What You Should Do When Audited
1 – Gather your documents. Start going through your records to find relevant receipts and documents. If you cannot find a document, request a duplicate. Auditors will not accept the excuse records are missing or lost. What documentation should you bring? Receipts, mortgage statements, brokerage account statements, and pay stubs or W-2 forms. You may bring record books to substantiate certain claims on your tax return. This is important if you are unable to document the items in question to the IRS’s satisfaction, things get a little more complicated. The IRS will propose changes to your tax return.
2 – Contact your accountant, who can explain the audit process and help you prepare. In addition to your accountant, you may need a professional tax lawyer as well.
3 – You can challenge the agent’s assessment and set up a conference with an IRS manager to further review your case, or you can request a formal appeals conference. Keep in mind that interest will accrue on any unpaid tax from the date you filed your return, including the duration of the audit process. Typically, it is not worth appealing unless you are relatively certain you will win.
As long as everything you claim on your tax return is factual, an audit should be no more than a minor inconvenience. If you are an honest taxpayer who knows what to do in the unlikely event of an audit, you should sleep soundly.
After the Audit
What happens after the audit? You will be notified of the findings. The auditor will explain any adjustment to you and/or your representative before finalizing the audit. Promptly contact the auditors if you have information that has not been considered, or if you believe a mistake has been made. They will discuss future filing responsibilities and answer any questions you have concerning the audit.

Business News | Preparing for New Accounting Challenges

What accounting issue does every business leader need to be aware of heading into 2019? In addition to the Tax Cuts and Jobs Act of 2017, new changes in lease accounting, due in January 2019, will affect every public and private company in Arizona. Most business leaders are not ready for these accounting game-changers and should consult their accountant for details. See more from Randy G. Brammer, CPA, CCIFP, Audit Partner, and Michelle L. Flynn, CPA, Tax Partner, as featured in Az Business.

 

 

 

Business News | Preparing for New Accounting Challenges

What accounting issue does every business leader need to be aware of heading into 2019? A big change in lease accounting, due in January 2019, will affect every public and private Arizona company. Most Arizona business leaders are not ready for these accounting game-changers and should contact their accountant for advice. Read more from Randy G. Brammer, CPA, CCIFP, Audit Partner, and Michelle L. Flynn, CPA, Tax Partner, as featured in Az Business.

 

 

 

House in a Trust | Pros | Cons

You may have heard of a living trust that is created while you are still alive. It can be set up as a revocable trust, permitting you to change the terms of the trust or dissolve it entirely should circumstances change.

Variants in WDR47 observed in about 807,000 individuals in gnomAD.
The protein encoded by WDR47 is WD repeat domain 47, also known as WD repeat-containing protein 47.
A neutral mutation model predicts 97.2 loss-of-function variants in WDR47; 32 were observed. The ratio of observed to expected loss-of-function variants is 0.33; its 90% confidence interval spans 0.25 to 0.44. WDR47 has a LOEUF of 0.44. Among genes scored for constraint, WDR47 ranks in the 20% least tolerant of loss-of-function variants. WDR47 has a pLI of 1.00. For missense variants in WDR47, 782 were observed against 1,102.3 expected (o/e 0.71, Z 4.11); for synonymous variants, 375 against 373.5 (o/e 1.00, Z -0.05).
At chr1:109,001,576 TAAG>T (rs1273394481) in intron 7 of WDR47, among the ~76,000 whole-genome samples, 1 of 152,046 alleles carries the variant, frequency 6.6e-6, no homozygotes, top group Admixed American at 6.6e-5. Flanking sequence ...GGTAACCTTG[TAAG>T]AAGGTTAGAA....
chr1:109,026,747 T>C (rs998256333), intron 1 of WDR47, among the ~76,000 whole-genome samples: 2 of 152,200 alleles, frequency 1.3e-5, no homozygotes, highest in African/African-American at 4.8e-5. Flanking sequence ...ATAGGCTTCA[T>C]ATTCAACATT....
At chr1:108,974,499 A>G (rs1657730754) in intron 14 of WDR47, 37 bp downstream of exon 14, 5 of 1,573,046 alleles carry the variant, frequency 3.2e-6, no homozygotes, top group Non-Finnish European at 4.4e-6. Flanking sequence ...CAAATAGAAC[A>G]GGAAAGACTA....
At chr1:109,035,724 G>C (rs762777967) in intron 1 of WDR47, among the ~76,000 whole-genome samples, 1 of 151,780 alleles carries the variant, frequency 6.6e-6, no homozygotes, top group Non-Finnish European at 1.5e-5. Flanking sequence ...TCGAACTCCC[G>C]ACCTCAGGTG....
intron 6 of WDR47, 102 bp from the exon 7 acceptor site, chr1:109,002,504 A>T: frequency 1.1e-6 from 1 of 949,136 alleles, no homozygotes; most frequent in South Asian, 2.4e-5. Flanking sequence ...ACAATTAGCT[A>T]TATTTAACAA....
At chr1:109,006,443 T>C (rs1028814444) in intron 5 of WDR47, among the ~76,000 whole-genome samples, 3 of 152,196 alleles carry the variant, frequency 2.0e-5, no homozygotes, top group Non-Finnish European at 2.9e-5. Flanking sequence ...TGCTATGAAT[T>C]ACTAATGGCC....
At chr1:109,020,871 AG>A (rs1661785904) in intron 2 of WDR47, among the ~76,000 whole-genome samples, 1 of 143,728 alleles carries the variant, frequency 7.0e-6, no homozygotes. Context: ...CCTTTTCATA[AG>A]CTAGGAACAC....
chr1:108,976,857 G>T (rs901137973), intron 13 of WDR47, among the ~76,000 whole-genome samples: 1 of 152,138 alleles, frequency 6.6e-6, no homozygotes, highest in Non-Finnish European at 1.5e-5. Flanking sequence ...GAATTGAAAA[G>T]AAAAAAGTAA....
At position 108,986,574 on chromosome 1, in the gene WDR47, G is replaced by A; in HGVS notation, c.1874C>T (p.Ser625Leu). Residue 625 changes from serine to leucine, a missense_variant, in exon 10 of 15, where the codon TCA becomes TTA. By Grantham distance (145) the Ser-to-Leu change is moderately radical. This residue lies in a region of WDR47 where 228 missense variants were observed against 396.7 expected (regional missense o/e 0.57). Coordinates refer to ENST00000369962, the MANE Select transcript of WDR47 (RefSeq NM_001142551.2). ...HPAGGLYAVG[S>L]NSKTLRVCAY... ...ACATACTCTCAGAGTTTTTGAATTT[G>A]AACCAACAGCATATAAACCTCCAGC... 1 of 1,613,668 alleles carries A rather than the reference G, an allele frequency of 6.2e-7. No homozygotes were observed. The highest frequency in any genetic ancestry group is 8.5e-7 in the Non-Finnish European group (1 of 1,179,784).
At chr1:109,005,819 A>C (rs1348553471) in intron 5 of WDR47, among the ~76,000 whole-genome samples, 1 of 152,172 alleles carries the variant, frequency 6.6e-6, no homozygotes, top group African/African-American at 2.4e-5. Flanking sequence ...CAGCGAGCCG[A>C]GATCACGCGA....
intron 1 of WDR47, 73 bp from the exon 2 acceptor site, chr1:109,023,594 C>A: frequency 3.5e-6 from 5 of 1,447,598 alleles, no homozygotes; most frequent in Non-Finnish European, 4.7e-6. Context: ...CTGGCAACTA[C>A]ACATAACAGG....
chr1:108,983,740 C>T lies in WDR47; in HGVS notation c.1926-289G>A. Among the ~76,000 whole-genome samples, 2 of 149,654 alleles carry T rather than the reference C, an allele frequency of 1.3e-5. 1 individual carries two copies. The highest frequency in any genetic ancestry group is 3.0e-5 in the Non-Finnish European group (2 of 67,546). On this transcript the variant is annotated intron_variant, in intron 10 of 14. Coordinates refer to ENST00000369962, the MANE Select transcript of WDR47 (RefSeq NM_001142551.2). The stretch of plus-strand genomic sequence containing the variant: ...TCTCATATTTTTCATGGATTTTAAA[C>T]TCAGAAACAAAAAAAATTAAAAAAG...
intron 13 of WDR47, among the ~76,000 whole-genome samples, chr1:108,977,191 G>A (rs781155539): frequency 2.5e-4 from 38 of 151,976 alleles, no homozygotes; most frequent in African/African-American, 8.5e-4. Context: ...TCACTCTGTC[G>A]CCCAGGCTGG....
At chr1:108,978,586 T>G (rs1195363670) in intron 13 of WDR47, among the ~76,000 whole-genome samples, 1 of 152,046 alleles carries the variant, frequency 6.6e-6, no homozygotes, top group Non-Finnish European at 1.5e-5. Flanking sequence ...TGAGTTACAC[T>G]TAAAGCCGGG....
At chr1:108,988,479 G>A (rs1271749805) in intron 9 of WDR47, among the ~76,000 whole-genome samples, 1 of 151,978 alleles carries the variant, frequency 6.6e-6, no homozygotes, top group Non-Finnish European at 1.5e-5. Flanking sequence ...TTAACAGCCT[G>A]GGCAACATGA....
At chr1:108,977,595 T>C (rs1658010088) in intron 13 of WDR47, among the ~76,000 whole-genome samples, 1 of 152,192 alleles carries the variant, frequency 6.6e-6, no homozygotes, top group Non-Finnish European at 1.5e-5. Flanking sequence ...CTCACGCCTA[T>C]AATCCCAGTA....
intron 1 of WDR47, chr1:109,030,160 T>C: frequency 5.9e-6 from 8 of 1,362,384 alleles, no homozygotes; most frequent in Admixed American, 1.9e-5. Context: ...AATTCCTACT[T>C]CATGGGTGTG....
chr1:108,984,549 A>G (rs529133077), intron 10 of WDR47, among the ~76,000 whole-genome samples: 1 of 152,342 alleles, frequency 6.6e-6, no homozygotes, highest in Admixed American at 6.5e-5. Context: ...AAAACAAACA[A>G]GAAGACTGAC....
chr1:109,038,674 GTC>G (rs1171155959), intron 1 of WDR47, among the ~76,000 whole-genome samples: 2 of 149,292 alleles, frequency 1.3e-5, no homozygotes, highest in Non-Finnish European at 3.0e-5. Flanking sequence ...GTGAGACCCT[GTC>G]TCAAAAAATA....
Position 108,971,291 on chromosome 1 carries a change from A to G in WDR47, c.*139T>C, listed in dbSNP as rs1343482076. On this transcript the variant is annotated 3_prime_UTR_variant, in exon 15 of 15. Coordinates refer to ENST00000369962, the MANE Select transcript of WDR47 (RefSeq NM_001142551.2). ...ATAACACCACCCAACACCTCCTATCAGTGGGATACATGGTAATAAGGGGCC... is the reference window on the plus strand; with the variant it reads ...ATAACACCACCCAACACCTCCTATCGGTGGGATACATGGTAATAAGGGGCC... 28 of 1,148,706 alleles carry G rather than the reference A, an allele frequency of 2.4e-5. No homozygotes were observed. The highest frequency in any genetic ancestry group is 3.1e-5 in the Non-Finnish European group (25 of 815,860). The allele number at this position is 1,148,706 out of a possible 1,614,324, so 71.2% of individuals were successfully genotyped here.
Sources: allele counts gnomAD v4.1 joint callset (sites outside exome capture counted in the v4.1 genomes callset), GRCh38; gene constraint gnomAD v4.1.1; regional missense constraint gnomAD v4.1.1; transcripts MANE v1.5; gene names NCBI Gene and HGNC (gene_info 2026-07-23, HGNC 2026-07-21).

Such a trust can take the title to your home and transfer the control of the property to a trustee. When you die, the trust becomes an irrevocable trust, prohibiting future changes to the terms.
Two Advantages to Placing Your Home in a Trust
Avoiding probate – Most living trusts are structured to avoid probate and its costs. Some states have streamlined the probate process, but it still requires costs, time, and attendance at multiple hearings. If you wish to avoid probate and transfer the title to your home to your heirs, thereby avoiding probate, a trust is a strong advantage. Should you choose to transfer other properties, some of which are out of state, you can avoid probate in other jurisdictions too.
Future Incapacity Protection – Should you become ill and unable to properly manage your own finances, another trustee can be selected to manage your trust to protect your home. Living revocable trusts give you this benefit. If you have a co-trustee who is your spouse, this further simplifies and protects your home. Your spouse can remain as trustee, managing your home and other assets you have transferred to the trust.
Contrary to popular belief, trusts like these generally do not protect against the estate tax, but since there is such a high floor, relatively few estates are subject to the federal estate tax.
Regardless of your situation, such a trust should not be entered into lightly. You should know these key factors before signing on the dotted line:
(1) The complexity of designing a trust as compared with a simplified will can accelerate the costs to use this method of protection. Should you wish to shelter more than just your home, you will need to be diligent and transfer other assets to the trust as you acquire them and remove those you no longer own. All this attention can add legal costs to maintaining the trust. This does not mean you should not do it, but you should be aware of the costs.